Why not have the person selling sex toys do this privately and donate part of what they make or whatever? Why subject the organization to such scrutiny?

Even the drag queens we know who host full-on sex parties were attempting to furl their botoxed brows in confusion.

For a 501(c)3 organization focused 100% on stopping euthanasia, this seems at the very least borderline unethical and ridiculous. At worst, it’s another look at what’s left of a sadly dying organization.

This city needs competent, upstanding organizations to pick up where Metro Animal Services drops the ball. Not this mess.

→ 1 CommentTags: Dogs · Oops

Human Trafficking, Stabbing And Electric Buses

October 28th, 2014 by admin · No Comments

The first person in Louisville convicted of human trafficking was sentenced to 10 years in prison with no probation Monday morning. [WDRB]

In June, 16-year-old Elivar Mazariegos stepped off a bus in the desert town of Altar, Mexico, 1,900 miles north of his rural village in Guatemala, where a death threat had pushed him to join a surge of unaccompanied children fleeing violence and poverty. [C-J/AKN]

Another day, another fun stabbing? The victim of the stabbing in the 500 block of East Ormsby has been identified. [WHAS11]

Louisville officials plan to phase out the oldtime-looking trolleys that are a staple of downtown in favor of all-electric buses. [H-L]

The 125th fall meet is officially underway at Churchill Downs. [WLKY]

A few hours before dawn on Wednesday morning, city counselors in Fort Lauderdale, FL passed a bill to make it harder to feed the homeless. [Think Progress]

Two months after a baby girl was shot to death on her front porch in Louisville’s West End, we’re learning more about why. [WAVE3]

U.S. Attorney General Eric Holder said on Saturday the U.S. government will recognize same-sex marriages in six more states, bringing to 32 the number of states where couples in gay unions qualify for federal benefits. [Reuters]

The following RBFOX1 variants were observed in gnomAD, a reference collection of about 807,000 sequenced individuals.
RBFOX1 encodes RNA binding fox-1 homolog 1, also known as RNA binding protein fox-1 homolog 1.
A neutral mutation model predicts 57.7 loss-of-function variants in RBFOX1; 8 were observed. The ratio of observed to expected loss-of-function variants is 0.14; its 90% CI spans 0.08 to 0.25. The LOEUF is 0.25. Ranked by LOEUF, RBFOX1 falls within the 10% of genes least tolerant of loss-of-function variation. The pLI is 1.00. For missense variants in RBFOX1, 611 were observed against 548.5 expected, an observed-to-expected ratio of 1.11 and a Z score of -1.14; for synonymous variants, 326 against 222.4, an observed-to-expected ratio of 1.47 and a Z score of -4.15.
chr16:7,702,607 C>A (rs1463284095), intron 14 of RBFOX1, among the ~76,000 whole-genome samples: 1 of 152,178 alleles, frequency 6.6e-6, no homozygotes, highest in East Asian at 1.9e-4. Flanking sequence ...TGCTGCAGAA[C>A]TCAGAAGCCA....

Kentuckians enrolling in Kynect, the state’s health care exchange, can expect changes in the way they shop for health insurance beginning Nov. 15. [WFPL]

Listen to voters from either end of the political spectrum and you’ll hear a similar complaint: most are tired of the inability of members of Congress to work together to get something done. [Ronnie Ellis]

Teddy Abrams doesn’t see why the Louisville Orchestra shouldn’t sell out every performance. [Business First]

The newest member of the Sellersburg Town Council hopes to bring some of youth to the team. [News & Tribune]

→ No CommentsTags: Churchill Downs · Crime · Gays · Health Care · Homeless · Immigration · Indiana · Music · Politics · Poverty · TARC

Gov. Steve Beshear’s Weekly Video Update

October 27th, 2014 by admin · No Comments

Late last week Governor Bigot and his wife, Jane, discuss the Dawkins Line again:

→ No CommentsTags: State Government · Steve Beshear · Travel · Video

LMAS Live Release Claim Confusing As Hell

October 27th, 2014 by jake · 4 Comments

Greg Fischer has for months made the claim that Louisville Metro Animal Services has a 74% live release rate. He has also, for months, refused to provide specifics about that claim and despite repeated questioning, can’t seem to provide details about the animal categories that make up the alleged number.

What were we left to do? Dig through data released on Metro’s open data portal and speculate. Specifically “Animal Services Outcomes Data” — because it contains the most information.

We took a look at the ASPCA’s live release rate definition (since ASPCA partners with LMAS) and the live release definition from the Asilomar Accords and threw everything into Excel/Numbers to spit out some percentages.

You may click here to download the Excel/Numbers file. It’s 3+ megs in size, so fair warning.

With those numbers provided by Metro Government, it would appear the live release rate has actually decreased since 2011. Appear. Because no one will answer questions and several data sets provided by Metro don’t all match.

On top of that, the description included in Animal Services Transfer data indicates that the information is for all animals transferred out of LMAS care. When you download the data set, you’ll discover that the numbers include animals that were euthanized, among other things. Also included are euthanasia subtypes like pregnant, too young, too old, breed and such.

Here’s a look:

FROM 2011


See why there’s a bit of cause for concern about the 74% bit?